Pastor Howard Kaloogian founded Grace New England Church in his home as a church plant in Weare, New Hampshire. This new church ministry, backed by Grace International out of Houston, Texas, attracts around a dozen or more like-minded believers who meet in his home for bible studies and prayer meetings—in church in the largest room of his home, the renovated barn. Like many home owners, Pastor Kaloogian welcomes people in his home and occasionally holds social gatherings for invited guests. On one occasion he hosted a meet-and-greet for Robert F. Kennedy Jr., with hundreds in attendance. To accommodate the crowds, he used all available space on his property including his barn.

In October of 2023, he received a “Cease and Desist” notice from the Town of Weare stating, “you are to immediately stop and assembly regarding Grace New England Church. This Cease and Desist will remain in effect until a site plan is submitted, reviewed and there is a decision made by the Town Planning Board.” Until he committed the lengthy and expensive site plan process, the Town would not allow him to hold church services on his property.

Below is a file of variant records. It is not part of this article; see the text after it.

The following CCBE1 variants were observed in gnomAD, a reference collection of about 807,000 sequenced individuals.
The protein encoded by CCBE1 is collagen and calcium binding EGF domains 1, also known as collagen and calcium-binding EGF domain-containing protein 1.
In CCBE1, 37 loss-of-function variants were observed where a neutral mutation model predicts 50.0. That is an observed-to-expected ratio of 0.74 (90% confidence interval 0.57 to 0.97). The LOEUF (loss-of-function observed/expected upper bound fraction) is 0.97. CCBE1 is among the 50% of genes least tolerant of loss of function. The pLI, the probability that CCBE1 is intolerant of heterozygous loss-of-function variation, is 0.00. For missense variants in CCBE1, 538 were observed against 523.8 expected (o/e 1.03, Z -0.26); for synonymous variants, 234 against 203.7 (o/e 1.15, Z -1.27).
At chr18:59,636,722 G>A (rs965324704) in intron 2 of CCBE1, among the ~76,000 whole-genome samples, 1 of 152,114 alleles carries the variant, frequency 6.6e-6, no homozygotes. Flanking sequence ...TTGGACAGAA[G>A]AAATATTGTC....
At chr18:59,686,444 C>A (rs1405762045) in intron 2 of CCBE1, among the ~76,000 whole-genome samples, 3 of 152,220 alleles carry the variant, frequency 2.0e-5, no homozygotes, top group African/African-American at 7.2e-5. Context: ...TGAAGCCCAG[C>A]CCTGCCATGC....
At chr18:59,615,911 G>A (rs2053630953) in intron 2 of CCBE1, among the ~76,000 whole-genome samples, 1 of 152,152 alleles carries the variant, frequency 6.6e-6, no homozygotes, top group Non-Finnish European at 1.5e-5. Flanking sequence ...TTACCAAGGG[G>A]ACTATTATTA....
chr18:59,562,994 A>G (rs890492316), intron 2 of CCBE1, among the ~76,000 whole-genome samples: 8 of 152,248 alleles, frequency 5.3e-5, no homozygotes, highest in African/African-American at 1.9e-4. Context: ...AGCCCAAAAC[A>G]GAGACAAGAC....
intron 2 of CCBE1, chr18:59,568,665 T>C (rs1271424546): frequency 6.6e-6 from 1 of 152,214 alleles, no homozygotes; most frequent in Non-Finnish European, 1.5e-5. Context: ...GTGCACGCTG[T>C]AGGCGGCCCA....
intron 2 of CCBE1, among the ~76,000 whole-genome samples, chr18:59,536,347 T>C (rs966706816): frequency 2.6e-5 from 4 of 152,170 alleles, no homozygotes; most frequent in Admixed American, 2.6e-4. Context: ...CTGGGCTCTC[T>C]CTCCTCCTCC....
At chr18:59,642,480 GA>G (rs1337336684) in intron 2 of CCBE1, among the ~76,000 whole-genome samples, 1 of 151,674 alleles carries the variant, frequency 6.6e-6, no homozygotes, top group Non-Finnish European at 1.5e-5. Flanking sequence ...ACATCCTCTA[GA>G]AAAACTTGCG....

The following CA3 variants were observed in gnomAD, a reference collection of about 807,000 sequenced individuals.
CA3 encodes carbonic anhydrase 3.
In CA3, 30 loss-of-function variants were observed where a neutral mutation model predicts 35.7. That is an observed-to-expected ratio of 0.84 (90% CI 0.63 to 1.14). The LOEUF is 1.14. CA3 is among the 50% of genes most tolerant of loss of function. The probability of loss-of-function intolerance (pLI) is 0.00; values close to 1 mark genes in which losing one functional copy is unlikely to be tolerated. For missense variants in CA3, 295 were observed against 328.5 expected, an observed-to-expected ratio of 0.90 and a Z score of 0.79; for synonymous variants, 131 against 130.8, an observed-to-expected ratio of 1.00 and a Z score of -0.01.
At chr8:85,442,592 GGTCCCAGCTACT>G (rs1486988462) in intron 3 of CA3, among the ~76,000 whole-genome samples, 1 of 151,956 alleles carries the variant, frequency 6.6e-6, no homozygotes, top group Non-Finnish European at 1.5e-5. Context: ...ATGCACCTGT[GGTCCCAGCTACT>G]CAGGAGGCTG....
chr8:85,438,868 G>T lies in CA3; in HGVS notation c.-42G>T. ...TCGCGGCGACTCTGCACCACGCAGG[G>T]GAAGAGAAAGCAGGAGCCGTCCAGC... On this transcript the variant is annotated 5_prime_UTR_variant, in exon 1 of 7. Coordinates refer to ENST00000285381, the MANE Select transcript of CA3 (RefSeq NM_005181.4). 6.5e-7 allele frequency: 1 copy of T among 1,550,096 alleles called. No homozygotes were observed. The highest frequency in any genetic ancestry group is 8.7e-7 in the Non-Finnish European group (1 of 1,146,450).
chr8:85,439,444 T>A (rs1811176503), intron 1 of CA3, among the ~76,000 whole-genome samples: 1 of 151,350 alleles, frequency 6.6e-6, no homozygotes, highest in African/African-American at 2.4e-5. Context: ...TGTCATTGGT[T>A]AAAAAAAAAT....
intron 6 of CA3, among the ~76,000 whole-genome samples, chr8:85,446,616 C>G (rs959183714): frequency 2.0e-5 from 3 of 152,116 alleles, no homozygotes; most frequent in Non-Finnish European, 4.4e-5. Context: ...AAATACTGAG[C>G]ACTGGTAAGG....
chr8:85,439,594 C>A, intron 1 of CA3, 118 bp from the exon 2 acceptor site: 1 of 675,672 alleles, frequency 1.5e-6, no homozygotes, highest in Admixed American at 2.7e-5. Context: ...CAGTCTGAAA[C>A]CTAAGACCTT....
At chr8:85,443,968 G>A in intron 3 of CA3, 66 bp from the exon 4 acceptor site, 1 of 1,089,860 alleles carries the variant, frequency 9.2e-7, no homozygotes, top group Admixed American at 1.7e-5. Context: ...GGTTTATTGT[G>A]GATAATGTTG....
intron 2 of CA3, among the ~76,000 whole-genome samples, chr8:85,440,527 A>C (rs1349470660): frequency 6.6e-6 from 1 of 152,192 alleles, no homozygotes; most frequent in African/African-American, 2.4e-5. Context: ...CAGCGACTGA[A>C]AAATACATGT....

The Town also warned Pastor Kaloogian that unless he was in full compliance of the order, penalties would apply. The cease and desist letter indicated that he could face fines ranging from $275 to $500 per day for holding religious gatherings in his home.

While other homes in the area hold social gatherings such as, Super Bowl parties, poker games, and book clubs, Pastor Kaloogian is being targeted for the religious nature of his small group gatherings. The Town’s actions discriminate on the basis of religion against the Church and hinder Grace New England from the free exercise of its religious freedom granted in the First Amendment and protected by federal law.

In February 2024, First Liberty filed a federal lawsuit against the Town of Weare, claiming that the Town is violating federal law and the U.S. Constitution by blocking the church from meeting.

“Hundreds of thousands of Americans meet every day in homes for prayer meetings, Bible studies, book clubs, card games, and other gatherings,” said Jeremy Dys, Senior Counsel at First Liberty. “Why would Weare city officials stop this small, Christian congregation from legally doing likewise?”

Social Facebook Social Instagram Twitter X Icon | First Liberty Institute Social Youtube Social Linkedin

Terms of UsePrivacy PolicyState DisclosuresSitemap • © 2024 Liberty Institute® is a trademark of First Liberty Institute